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Carl Estabrook, a native New Englander, is the British historian here at Dartmouth. Professor Estabrook's courses cover the history of Britain from the late 15th century up to the 1990s. Most applicants to the Department's London FSP should get to know him. His early research took him to the pastoral West Country of England where the great maritime city of Bristol flourished in the 17th and 18th centuries. The impact of a celebrated urban revival on the social and cultural lives of villagers in this period is the subject of Professor Estabrook's first book. He moved on from there to York, Winchester, Canterbury, and several other English cathedral cities to explore the ambivalent relationship between Anglican cathedrals and the civic communities surrounding them during the turbulent 17th century. He has an on-going interest in the evolution of English parochialism and xenophobia during the period of Atlantic exploration. His current research project investigates the effects of financial scandals on public discourse in England during the late 17th and early 18th centuries.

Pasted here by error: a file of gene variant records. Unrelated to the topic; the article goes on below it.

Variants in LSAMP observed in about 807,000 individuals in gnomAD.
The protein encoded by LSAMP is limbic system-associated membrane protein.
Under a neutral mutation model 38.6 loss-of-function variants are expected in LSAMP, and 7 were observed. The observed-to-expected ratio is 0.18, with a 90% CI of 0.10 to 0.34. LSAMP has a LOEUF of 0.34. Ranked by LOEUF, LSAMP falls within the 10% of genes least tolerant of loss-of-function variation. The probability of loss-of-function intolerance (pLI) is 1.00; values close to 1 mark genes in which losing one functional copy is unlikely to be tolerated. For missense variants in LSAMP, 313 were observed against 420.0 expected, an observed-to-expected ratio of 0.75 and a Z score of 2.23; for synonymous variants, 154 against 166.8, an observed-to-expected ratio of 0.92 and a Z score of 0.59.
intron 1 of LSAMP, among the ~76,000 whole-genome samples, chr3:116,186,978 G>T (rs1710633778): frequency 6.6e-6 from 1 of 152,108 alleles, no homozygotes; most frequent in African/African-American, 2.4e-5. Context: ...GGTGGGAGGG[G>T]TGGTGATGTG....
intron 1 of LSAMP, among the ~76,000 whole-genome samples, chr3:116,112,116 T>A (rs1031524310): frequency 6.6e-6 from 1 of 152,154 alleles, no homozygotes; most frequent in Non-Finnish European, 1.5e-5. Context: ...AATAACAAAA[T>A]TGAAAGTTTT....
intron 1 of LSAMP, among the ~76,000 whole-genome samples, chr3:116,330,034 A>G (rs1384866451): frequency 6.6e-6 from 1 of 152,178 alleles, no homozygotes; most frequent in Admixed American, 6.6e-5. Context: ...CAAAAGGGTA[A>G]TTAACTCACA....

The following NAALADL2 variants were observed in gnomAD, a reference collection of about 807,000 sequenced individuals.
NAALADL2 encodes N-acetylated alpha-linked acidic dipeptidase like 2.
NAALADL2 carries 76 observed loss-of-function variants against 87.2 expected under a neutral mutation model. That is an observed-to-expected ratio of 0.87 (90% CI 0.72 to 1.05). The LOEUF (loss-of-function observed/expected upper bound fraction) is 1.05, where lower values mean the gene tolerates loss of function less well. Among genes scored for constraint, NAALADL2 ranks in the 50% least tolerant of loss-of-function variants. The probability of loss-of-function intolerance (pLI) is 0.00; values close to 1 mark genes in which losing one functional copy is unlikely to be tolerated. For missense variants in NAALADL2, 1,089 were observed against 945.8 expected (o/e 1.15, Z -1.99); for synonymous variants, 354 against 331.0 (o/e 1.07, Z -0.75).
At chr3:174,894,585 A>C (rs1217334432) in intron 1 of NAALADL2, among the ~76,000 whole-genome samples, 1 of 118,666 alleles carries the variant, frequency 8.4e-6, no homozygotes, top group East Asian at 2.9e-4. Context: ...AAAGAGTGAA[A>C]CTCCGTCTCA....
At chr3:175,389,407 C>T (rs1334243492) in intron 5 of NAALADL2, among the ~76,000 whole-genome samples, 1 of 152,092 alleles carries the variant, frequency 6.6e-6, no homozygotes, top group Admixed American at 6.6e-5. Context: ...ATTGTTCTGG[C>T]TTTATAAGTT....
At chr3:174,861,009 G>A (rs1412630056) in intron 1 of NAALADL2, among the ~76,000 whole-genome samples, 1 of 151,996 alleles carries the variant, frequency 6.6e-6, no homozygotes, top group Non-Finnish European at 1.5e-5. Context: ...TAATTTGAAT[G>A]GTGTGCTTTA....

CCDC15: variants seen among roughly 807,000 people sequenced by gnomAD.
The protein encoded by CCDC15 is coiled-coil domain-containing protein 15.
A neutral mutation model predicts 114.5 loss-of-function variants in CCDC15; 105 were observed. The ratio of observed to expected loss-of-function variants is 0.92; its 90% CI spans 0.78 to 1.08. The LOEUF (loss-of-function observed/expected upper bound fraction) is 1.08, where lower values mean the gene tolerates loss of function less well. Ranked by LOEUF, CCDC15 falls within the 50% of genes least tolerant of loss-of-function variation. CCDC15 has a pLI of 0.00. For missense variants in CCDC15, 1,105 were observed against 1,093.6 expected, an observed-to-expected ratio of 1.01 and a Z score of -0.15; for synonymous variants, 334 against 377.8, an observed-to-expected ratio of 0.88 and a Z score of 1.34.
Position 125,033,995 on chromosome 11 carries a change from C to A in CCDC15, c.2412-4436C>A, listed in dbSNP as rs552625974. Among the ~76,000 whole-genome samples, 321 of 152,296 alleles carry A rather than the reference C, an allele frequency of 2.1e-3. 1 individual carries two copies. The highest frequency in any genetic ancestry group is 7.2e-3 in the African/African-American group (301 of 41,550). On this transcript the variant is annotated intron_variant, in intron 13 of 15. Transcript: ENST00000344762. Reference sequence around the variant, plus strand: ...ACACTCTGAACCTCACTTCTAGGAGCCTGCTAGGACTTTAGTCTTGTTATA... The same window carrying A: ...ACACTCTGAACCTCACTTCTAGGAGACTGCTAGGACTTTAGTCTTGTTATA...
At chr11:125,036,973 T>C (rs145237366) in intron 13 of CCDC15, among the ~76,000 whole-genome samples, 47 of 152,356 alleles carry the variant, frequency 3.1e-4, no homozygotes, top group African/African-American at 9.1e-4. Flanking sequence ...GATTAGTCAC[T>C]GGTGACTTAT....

“Ritual, Space and Authority in Seventeenth-century English Cathedral Cities,” The Journal of Interdisciplinary History , 32:4 (Spring 2002).
Urbane and Rustic England: Cultural Ties and Social Spheres in the Provinces, 1660-1780 , (1999).
When the Bubble Burst: Financial Scandal and Public Awareness in England, 1690-1730 ; Cathedral and Community in Seventeenth-century England